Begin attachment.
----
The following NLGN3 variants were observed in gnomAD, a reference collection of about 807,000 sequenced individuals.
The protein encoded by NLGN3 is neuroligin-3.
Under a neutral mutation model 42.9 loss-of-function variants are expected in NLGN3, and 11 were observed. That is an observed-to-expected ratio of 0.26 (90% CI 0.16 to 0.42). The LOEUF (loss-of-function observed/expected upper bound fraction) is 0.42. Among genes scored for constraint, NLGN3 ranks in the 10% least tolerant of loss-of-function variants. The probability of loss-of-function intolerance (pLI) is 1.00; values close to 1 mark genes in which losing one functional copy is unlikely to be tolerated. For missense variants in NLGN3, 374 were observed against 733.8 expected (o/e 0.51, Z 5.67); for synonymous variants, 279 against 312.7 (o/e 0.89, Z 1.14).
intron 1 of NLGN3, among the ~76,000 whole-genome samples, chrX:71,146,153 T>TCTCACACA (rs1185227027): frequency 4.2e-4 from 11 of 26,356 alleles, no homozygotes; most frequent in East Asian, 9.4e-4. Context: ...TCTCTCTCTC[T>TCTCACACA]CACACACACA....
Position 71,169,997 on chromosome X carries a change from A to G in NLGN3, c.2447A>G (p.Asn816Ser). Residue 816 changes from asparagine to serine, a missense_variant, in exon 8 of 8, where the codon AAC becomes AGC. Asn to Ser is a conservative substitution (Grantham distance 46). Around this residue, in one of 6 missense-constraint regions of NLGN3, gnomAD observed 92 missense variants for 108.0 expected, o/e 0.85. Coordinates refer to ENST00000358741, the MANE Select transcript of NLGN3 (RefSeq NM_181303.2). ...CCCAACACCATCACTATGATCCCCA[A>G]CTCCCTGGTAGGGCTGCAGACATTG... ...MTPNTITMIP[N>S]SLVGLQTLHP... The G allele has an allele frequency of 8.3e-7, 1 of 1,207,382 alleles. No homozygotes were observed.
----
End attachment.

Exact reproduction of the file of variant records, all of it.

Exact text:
The following NLGN3 variants were observed in gnomAD, a reference collection of about 807,000 sequenced individuals.
The protein encoded by NLGN3 is neuroligin-3.
Under a neutral mutation model 42.9 loss-of-function variants are expected in NLGN3, and 11 were observed. That is an observed-to-expected ratio of 0.26 (90% CI 0.16 to 0.42). The LOEUF (loss-of-function observed/expected upper bound fraction) is 0.42. Among genes scored for constraint, NLGN3 ranks in the 10% least tolerant of loss-of-function variants. The probability of loss-of-function intolerance (pLI) is 1.00; values close to 1 mark genes in which losing one functional copy is unlikely to be tolerated. For missense variants in NLGN3, 374 were observed against 733.8 expected (o/e 0.51, Z 5.67); for synonymous variants, 279 against 312.7 (o/e 0.89, Z 1.14).
intron 1 of NLGN3, among the ~76,000 whole-genome samples, chrX:71,146,153 T>TCTCACACA (rs1185227027): frequency 4.2e-4 from 11 of 26,356 alleles, no homozygotes; most frequent in East Asian, 9.4e-4. Context: ...TCTCTCTCTC[T>TCTCACACA]CACACACACA....
Position 71,169,997 on chromosome X carries a change from A to G in NLGN3, c.2447A>G (p.Asn816Ser). Residue 816 changes from asparagine to serine, a missense_variant, in exon 8 of 8, where the codon AAC becomes AGC. Asn to Ser is a conservative substitution (Grantham distance 46). Around this residue, in one of 6 missense-constraint regions of NLGN3, gnomAD observed 92 missense variants for 108.0 expected, o/e 0.85. Coordinates refer to ENST00000358741, the MANE Select transcript of NLGN3 (RefSeq NM_181303.2). ...CCCAACACCATCACTATGATCCCCA[A>G]CTCCCTGGTAGGGCTGCAGACATTG... ...MTPNTITMIP[N>S]SLVGLQTLHP... The G allele has an allele frequency of 8.3e-7, 1 of 1,207,382 alleles. No homozygotes were observed.